I only attack people as imbeciles and morons if they show up here full of piss and vinegar and snidely suggest I should learn the basics of thermodynamics, when it’s clear that the aforementioned morons and imbeciles haven’t grasped that nothing in the theory that hormones change our metabolisms and drive fat accumulation would violate the laws of thermodynamics. You want to show up here and toss insults, fine, but don’t act like you’re the innocent victim of a vicious attack when I reply in kind.

    So you swallowed that line about beef raising insulin as much as oatmeal so they’re metabolically the same, did ya? Can’t say I’m surprised.

    Yes, protein raises insulin after eating. Good thing, too, since insulin is necessary to drive amino acids into our muscles. However, 1) protein also raises glucagon while carbohydrates don’t, 2) beef doesn’t cause blood-sugar spikes, while carbohydrates do, 3) the study you’re citing used very lean beef (i.e., nearly all protein) which I don’t eat, 4) the insulin-drives-obesity theory isn’t about the temporary rise in insulin after meals, it’s about a chronic rise in insulin levels, which beef doesn’t induce, 5) when protein is converted to glucose via gluconeogenesis, 1/3 of the calories are used up in the conversion process and the metabolism also rises, and 6) we aren’t told to consume 300 grams of protein per day, and I don’t know anyone who does, but we’re told to consume 300 grams of carbohydrates per day. When you go on a low-carb diet, you replace carbohydrates with FAT, which doesn’t raise insulin, so you are replacing insulin-producing foods with non-insulin-producing foods.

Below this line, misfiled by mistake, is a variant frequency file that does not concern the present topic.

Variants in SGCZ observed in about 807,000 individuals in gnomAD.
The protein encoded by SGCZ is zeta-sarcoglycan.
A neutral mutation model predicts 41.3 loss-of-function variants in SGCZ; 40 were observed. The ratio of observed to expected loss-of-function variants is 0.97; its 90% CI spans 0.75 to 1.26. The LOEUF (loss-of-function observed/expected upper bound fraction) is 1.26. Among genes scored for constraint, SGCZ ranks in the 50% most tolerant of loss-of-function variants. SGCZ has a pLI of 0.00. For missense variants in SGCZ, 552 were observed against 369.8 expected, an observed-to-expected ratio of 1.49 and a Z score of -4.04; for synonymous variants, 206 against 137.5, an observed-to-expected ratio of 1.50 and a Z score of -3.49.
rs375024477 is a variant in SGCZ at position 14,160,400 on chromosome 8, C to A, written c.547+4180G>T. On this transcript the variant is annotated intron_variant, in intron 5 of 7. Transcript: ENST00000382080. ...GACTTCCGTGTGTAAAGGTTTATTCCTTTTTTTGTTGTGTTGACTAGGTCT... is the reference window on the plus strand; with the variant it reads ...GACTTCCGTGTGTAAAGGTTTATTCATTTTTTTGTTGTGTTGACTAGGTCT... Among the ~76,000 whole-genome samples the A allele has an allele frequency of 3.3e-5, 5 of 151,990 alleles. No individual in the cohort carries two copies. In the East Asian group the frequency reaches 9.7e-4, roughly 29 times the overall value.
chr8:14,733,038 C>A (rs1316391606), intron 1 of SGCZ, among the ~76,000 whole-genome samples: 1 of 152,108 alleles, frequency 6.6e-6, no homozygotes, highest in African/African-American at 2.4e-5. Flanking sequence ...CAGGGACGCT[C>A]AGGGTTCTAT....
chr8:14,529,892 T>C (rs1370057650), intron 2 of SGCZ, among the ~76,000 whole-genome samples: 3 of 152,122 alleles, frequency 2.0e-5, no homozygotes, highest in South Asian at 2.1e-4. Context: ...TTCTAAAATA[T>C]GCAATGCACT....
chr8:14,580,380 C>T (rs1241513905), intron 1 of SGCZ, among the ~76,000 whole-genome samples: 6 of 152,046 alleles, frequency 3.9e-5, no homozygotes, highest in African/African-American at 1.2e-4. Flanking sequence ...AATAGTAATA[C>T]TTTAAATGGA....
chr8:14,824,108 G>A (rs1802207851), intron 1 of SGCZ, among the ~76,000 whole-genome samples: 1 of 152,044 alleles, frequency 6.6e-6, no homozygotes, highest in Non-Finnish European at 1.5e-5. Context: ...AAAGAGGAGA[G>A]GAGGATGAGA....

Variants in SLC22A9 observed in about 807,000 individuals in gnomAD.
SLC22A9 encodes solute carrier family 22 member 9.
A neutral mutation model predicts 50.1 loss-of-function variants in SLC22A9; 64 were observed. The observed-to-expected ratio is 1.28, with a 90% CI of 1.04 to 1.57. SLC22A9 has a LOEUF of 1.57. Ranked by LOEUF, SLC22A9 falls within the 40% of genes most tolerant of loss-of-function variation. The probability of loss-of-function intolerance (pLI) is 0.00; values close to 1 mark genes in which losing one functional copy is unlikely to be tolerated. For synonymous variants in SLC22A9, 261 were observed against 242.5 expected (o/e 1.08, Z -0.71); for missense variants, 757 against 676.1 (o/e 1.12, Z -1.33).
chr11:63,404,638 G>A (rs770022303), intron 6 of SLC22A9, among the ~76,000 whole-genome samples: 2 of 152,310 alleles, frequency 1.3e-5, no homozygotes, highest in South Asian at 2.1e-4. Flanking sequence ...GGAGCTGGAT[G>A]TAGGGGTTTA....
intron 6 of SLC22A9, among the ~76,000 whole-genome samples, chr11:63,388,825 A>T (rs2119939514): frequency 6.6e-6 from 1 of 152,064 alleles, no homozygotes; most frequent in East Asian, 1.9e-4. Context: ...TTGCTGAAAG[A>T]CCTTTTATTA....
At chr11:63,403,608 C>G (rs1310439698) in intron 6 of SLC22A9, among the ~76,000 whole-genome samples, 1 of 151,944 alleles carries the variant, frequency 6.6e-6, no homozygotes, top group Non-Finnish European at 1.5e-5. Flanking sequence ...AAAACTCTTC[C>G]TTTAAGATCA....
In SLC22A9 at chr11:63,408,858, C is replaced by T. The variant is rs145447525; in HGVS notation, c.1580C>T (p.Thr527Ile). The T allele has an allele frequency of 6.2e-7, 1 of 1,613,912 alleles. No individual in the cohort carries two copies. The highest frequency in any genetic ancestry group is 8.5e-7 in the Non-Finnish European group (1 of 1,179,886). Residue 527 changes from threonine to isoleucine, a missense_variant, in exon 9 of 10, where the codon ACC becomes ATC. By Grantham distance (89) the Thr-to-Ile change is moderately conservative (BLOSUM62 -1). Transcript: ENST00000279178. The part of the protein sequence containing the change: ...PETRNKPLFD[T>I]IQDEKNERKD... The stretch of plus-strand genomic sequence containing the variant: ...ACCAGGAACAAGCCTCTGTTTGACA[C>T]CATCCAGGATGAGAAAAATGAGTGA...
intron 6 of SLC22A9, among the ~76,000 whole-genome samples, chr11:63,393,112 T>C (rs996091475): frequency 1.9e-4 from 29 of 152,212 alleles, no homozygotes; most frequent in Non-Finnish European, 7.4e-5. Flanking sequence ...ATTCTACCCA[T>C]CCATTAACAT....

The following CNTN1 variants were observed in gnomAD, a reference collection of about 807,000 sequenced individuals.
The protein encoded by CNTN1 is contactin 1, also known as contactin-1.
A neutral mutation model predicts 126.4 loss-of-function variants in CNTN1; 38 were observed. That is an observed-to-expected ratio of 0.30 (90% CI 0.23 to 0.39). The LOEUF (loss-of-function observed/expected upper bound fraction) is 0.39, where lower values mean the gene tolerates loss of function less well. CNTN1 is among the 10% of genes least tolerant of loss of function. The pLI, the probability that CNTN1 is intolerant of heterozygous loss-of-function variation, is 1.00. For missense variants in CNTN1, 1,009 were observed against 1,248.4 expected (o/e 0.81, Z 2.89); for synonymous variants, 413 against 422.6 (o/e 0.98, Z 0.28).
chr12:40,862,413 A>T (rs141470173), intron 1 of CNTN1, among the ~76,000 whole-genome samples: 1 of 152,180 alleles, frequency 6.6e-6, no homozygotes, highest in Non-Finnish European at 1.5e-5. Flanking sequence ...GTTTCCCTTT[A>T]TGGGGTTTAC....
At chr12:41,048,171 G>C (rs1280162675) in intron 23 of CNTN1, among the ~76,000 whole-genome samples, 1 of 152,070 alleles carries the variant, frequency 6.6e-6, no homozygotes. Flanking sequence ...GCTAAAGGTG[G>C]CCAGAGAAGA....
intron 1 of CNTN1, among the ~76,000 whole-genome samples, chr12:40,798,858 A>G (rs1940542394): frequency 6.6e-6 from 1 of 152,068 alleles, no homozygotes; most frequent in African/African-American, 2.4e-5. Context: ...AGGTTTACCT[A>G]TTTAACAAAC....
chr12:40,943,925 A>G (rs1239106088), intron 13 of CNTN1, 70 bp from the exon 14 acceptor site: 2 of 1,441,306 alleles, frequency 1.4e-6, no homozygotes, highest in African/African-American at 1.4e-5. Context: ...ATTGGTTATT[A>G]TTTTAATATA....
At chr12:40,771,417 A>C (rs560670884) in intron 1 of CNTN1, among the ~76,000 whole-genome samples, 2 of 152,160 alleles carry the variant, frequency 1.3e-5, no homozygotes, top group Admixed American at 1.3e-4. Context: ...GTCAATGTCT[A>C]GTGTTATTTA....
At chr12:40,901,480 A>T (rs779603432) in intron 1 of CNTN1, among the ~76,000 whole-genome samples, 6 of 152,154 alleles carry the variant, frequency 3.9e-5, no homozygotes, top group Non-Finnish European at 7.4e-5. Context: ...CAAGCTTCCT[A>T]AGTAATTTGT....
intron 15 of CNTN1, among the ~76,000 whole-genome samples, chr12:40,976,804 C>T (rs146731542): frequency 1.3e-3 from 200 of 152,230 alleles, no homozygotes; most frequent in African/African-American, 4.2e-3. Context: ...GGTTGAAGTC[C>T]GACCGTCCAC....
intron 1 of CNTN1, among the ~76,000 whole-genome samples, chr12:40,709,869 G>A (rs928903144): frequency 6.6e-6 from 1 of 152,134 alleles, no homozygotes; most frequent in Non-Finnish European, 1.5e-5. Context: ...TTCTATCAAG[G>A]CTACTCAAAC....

21. Paolo

    I would like to share another nice answer from the Italian public nutritionist I argue with sometimes (the one you blogged about). I hope the translation is clear.


    I would ask you only that, once the cholesterol hoax will be publicly exposed and the food pyramid will be upside down, not come up with a seraphic “in light of new evidence, supported by tools unavailable before, we reached the conclusion that a high consumption of saturated fats is not harmful to cardiovascular health” because I’ll be there to remind you that I had warned you before.

    Public nutritionist

    The ignorant can be divided into two categories: those who want to learn and those who think they know everything and others are ignorant.
    For many reasons I won’t be able to tell you that the hoax will be exposed, and the most important is that there are serious chance you will not be with us anymore… (note by me: he means that I will soon die for heart attack as I don’t follow a strict mediterranean diet)